Off shore drilling safety will change forever

The ramifications for corporate America and particularly, the oil industry, from the Gulf of Mexico oil spill are becoming clearer.  In his 15 June 2010, address to the nation, President Obama stated his financial and operational expectations of BP prior to his meeting the company’s CEO, Tony Hayward on 16 June.

In essence, BP will be required to fund compensation for the families of dead and injured workers and those who are suffering economic hardship as a result of action which the President described as “reckless”.  The distrust of BP was evident by the compensation fund, which is likely to be billions of dollars, being administered by a third party.

But the BP spill has changed the way that oil exploration and extraction will occur in American waters.  Prior to the Deepwater Horizon oil rig disaster, President Obama was moving the country to improved energy independence by reconsidering off-shore oil drilling.  Randall Luthi of the National Ocean Industries Association was quoted:

“If the proposed areas ultimately end up being leased, it will represent the most significant increase in access to domestic energy from our oceans in decades…”

The optimism was palpable until BP’s alleged cost-cutting led to a poorly constructed well head at Deepwater Horizon.  Cost cutting by BP was identified by Professor Andrew Hopkins as a major reason for the fatal explosion of Texas City oil refinery and it looks like Deepwater Horizon is a further instance of poor corporate decision making.

President Obama said that

“A few months ago, I approved a proposal to consider new, limited offshore drilling under the assurance that it would be absolutely safe –- that the proper technology would be in place and the necessary precautions would be taken.

That obviously was not the case in the Deepwater Horizon rig, and I want to know why.  The American people deserve to know why.  The families I met with last week who lost their loved ones in the explosion — these families deserve to know why.   And so I’ve established a National Commission to understand the causes of this disaster and offer recommendations on what additional safety and environmental standards we need to put in place.   Already, I’ve issued a six-month moratorium on deepwater drilling.   I know this creates difficulty for the people who work on these rigs, but for the sake of their safety, and for the sake of the entire region, we need to know the facts before we allow deepwater drilling to continue.   And while I urge the Commission to complete its work as quickly as possible, I expect them to do that work thoroughly and impartially.”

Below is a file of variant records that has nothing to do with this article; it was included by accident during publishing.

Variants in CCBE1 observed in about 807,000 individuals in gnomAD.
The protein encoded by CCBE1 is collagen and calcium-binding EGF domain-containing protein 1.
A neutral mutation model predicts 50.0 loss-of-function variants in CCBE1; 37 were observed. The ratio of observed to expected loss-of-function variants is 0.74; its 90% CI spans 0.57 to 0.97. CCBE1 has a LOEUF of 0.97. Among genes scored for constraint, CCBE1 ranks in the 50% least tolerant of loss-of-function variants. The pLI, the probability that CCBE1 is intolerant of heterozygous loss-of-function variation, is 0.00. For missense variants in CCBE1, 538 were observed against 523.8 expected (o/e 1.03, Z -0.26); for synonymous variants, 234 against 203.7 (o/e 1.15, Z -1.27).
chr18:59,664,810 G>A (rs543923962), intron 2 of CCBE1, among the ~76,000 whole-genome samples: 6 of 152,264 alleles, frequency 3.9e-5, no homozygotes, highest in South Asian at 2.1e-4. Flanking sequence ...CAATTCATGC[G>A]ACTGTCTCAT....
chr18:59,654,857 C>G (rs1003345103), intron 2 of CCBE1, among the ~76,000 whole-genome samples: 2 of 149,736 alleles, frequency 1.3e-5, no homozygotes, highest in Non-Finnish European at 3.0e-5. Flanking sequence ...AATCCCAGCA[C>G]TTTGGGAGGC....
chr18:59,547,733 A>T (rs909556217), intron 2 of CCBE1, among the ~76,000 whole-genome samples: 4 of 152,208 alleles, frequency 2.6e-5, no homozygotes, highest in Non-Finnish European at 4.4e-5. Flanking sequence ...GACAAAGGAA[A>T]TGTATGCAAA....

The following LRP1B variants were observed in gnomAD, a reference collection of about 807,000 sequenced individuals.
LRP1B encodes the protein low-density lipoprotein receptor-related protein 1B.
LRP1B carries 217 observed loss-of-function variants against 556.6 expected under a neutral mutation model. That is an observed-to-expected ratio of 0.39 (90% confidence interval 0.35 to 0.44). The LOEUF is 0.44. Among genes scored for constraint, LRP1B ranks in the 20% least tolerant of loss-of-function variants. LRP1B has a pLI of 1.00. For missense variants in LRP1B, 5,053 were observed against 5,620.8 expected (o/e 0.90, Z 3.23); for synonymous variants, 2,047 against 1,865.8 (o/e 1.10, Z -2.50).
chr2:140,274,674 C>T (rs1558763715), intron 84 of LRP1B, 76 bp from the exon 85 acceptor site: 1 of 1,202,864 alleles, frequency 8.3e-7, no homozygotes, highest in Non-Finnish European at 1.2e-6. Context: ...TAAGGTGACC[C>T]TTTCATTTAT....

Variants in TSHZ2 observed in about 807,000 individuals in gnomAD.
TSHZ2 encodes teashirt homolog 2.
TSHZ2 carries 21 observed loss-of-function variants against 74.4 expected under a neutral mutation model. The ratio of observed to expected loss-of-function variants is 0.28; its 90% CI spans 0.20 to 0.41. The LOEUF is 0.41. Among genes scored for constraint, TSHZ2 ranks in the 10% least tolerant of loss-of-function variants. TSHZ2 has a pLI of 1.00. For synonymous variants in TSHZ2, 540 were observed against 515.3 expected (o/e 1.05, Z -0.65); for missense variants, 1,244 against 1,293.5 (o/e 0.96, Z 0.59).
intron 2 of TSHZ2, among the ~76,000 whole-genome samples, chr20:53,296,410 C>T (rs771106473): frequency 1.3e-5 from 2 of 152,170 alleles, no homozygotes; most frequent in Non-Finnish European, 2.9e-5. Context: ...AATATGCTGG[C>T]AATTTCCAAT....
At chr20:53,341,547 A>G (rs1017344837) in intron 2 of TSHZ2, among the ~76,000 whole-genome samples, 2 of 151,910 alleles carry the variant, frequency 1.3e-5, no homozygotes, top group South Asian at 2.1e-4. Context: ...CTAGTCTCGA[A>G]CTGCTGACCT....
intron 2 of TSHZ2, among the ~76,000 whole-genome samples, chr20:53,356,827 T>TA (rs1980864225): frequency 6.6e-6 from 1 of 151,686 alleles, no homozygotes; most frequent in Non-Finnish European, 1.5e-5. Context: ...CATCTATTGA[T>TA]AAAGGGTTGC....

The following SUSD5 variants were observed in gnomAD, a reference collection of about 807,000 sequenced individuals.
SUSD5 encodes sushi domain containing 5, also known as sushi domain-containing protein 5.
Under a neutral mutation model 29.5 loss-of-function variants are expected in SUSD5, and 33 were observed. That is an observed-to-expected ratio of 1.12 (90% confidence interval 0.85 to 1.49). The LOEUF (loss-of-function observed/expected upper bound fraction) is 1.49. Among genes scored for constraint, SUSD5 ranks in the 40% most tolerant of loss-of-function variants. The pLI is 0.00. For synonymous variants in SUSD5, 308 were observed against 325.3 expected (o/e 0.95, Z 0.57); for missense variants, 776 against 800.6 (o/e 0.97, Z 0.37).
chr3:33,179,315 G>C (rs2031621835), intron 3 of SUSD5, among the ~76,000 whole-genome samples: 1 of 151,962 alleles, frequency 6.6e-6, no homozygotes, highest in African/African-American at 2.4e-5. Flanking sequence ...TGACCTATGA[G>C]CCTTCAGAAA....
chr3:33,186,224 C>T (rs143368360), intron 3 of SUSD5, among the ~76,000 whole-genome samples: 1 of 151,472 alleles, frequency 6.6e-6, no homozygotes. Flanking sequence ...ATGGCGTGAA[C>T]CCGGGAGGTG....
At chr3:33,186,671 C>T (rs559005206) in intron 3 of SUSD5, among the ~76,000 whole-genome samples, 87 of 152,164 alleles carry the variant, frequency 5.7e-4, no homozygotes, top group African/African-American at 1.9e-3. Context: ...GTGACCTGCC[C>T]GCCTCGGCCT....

Admirably, Obama never forgets that the disaster killed workers but the timelines he has set must surely cause some problems for the oil explorers who were gearing up based on the earlier optimism.  Political and election timetables are always in the back of politicians’ minds but there is no indication of re-election being a consideration in Obama’s statement on the disaster.

The guarantees of safety in offshore drilling in the future will need to be solid and given the global nature of the companies in this industry, Obama’s demands will have broad impacts.  Sadly, the Australian government will be following Obama’s lead where it had the chance to improve safety after its own major oil spill in the Timor Sea less than 12 months ago.

“An oil spill off the WA coast regarded as one of the worst-ever environmental disasters in Australia was caused by poor decision making and corporate greed, a senior industry source has claimed.

The man, an installation contractor part of the drilling team at the West Atlas rig, said the spill happened after drillers did not cap the associated Montara oil well properly, causing it to burst.” [emphasis added]

The safety issues are the same and the report of the Australian Commission of Inquiry into the Montara Oil Spill is due for release on 18 June 2010 and is likely to gain international attention.  A spokesperson for the Minister for Resources and Energy, Martin Ferguson, has confirmed the report is due on 18 June and that the Minister will be releasing the report shortly after.

The world’s media will focus on the environmental impact of the Montara oil spill as it has on the Gulf of Mexico spill but it is safety engineering and management that will stop spills like this recurring and it is hoped that the Montara report may flag some of the safety issues that will assist President Obama’s own commission of inquiry.

Kevin Jones

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